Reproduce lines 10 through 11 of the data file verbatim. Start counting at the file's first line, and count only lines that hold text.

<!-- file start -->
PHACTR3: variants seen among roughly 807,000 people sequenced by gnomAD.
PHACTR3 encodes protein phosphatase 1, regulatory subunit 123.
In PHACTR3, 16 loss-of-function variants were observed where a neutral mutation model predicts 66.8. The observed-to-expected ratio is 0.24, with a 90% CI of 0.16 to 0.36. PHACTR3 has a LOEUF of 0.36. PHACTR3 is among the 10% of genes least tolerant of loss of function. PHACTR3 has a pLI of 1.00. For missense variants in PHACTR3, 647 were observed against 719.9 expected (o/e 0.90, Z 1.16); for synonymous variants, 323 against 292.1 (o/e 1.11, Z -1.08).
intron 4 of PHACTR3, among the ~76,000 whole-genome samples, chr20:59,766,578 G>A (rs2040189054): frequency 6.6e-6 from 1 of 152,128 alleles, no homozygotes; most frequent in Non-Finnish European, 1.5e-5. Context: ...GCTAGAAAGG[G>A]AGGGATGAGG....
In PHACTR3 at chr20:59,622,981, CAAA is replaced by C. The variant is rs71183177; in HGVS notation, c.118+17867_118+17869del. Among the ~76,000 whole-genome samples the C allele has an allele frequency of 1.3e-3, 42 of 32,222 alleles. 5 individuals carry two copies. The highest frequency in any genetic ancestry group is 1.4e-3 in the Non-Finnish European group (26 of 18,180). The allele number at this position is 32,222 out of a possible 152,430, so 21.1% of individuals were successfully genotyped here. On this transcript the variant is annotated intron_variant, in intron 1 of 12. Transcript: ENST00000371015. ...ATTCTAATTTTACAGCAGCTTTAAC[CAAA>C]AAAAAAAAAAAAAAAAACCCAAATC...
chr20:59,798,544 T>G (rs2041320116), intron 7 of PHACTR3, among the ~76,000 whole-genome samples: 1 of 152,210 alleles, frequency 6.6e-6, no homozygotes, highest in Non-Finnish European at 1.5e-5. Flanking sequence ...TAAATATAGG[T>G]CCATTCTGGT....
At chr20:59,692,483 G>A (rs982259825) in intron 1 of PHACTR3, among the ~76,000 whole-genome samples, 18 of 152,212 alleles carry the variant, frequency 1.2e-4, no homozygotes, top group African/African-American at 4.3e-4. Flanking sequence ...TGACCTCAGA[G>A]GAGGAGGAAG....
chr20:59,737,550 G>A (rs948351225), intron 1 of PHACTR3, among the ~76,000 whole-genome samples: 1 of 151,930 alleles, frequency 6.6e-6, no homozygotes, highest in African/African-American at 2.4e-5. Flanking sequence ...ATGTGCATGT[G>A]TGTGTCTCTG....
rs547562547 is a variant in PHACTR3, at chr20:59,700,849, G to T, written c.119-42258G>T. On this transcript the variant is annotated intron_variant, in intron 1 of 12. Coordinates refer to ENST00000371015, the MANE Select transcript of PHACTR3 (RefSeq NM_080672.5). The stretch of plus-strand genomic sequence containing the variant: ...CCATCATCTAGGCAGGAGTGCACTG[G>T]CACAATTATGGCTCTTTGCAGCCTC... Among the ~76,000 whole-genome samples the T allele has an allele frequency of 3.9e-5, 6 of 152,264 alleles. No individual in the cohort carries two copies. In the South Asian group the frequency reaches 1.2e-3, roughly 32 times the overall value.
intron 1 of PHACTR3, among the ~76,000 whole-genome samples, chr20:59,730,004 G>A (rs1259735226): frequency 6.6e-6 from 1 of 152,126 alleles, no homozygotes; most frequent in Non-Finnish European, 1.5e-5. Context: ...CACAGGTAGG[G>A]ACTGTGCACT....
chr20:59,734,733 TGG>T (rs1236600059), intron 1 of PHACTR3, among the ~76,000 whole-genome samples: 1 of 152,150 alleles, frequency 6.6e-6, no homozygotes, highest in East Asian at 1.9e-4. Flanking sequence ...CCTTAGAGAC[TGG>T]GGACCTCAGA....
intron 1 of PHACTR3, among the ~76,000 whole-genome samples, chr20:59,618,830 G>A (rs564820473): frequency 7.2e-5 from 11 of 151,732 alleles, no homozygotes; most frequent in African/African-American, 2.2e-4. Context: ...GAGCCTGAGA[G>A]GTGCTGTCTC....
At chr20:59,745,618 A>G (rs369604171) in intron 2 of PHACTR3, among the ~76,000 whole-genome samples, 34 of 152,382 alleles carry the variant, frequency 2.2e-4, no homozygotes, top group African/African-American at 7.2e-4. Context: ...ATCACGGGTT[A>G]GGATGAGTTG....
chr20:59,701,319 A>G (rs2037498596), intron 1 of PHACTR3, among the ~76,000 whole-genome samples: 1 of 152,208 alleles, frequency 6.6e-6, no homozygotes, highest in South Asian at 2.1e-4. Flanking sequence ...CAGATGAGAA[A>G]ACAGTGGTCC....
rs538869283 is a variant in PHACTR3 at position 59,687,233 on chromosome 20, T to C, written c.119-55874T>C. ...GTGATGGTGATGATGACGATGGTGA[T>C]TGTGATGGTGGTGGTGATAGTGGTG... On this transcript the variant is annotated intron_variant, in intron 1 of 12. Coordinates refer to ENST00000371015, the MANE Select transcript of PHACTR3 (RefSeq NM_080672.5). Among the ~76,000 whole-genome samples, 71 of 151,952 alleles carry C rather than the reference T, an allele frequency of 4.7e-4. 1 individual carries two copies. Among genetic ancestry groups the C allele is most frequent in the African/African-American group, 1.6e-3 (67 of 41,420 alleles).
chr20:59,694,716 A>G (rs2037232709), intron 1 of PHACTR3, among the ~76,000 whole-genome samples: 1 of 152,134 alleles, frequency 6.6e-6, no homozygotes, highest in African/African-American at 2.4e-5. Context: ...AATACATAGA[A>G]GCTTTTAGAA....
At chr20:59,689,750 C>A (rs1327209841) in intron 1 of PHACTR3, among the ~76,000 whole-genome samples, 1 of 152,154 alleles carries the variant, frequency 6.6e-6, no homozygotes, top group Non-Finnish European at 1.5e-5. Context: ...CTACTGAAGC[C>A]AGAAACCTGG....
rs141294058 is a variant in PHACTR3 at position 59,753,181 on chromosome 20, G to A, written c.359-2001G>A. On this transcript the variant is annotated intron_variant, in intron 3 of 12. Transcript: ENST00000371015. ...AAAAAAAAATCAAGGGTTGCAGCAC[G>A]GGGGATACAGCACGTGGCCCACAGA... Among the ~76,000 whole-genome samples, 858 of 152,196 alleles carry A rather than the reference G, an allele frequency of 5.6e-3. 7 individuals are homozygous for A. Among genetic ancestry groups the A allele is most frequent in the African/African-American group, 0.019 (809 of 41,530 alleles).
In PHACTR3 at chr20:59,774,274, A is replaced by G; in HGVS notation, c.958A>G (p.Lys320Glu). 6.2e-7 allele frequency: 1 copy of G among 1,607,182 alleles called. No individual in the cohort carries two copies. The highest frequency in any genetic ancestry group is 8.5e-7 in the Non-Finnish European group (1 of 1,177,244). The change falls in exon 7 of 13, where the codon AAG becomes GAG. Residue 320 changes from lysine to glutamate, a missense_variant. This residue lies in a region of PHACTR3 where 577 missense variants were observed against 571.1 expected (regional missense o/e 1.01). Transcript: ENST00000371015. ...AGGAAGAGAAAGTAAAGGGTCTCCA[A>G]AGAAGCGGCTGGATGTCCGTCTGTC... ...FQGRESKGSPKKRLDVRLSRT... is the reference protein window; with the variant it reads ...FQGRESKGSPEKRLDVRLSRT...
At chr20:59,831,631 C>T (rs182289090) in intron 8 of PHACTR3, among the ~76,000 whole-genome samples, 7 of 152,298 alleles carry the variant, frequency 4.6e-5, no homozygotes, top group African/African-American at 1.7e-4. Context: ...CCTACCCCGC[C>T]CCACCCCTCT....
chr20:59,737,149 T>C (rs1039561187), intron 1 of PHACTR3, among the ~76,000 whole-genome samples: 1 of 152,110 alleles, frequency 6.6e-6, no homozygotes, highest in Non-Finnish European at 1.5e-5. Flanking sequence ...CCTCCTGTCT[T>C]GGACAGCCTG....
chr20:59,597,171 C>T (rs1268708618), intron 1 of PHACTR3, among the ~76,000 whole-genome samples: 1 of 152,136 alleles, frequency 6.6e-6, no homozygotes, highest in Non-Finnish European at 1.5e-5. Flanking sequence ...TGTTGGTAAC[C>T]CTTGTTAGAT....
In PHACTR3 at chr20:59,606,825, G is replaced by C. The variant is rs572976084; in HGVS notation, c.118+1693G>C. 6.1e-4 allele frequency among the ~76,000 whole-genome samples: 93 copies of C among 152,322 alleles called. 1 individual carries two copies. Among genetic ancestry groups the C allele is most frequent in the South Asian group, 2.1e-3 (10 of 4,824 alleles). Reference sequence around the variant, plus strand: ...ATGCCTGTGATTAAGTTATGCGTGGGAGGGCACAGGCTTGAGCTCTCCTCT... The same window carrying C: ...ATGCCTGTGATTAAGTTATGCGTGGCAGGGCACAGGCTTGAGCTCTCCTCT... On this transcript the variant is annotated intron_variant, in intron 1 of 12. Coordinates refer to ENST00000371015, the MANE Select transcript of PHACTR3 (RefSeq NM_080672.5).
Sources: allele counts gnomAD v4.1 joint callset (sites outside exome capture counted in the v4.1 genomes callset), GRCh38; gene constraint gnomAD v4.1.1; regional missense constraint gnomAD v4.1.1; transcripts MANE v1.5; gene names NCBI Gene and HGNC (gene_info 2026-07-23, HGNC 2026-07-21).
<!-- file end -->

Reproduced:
intron 1 of PHACTR3, among the ~76,000 whole-genome samples, chr20:59,730,004 G>A (rs1259735226): frequency 6.6e-6 from 1 of 152,126 alleles, no homozygotes; most frequent in Non-Finnish European, 1.5e-5. Context: ...CACAGGTAGG[G>A]ACTGTGCACT....
chr20:59,734,733 TGG>T (rs1236600059), intron 1 of PHACTR3, among the ~76,000 whole-genome samples: 1 of 152,150 alleles, frequency 6.6e-6, no homozygotes, highest in East Asian at 1.9e-4. Flanking sequence ...CCTTAGAGAC[TGG>T]GGACCTCAGA....